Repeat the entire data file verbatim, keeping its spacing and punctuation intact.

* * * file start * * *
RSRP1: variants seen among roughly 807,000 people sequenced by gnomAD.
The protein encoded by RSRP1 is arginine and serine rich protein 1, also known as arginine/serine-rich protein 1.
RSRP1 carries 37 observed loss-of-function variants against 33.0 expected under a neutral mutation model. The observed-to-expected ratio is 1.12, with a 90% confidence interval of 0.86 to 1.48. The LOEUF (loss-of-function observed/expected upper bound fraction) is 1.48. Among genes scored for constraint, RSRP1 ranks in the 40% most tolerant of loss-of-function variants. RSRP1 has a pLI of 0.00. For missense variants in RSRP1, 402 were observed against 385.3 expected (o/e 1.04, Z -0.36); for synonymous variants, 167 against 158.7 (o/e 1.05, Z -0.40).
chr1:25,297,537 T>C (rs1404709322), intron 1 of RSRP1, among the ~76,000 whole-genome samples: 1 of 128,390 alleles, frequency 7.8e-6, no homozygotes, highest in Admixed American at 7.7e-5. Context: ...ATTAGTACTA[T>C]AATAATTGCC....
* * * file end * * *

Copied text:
RSRP1: variants seen among roughly 807,000 people sequenced by gnomAD.
The protein encoded by RSRP1 is arginine and serine rich protein 1, also known as arginine/serine-rich protein 1.
RSRP1 carries 37 observed loss-of-function variants against 33.0 expected under a neutral mutation model. The observed-to-expected ratio is 1.12, with a 90% confidence interval of 0.86 to 1.48. The LOEUF (loss-of-function observed/expected upper bound fraction) is 1.48. Among genes scored for constraint, RSRP1 ranks in the 40% most tolerant of loss-of-function variants. RSRP1 has a pLI of 0.00. For missense variants in RSRP1, 402 were observed against 385.3 expected (o/e 1.04, Z -0.36); for synonymous variants, 167 against 158.7 (o/e 1.05, Z -0.40).
chr1:25,297,537 T>C (rs1404709322), intron 1 of RSRP1, among the ~76,000 whole-genome samples: 1 of 128,390 alleles, frequency 7.8e-6, no homozygotes, highest in Admixed American at 7.7e-5. Context: ...ATTAGTACTA[T>C]AATAATTGCC....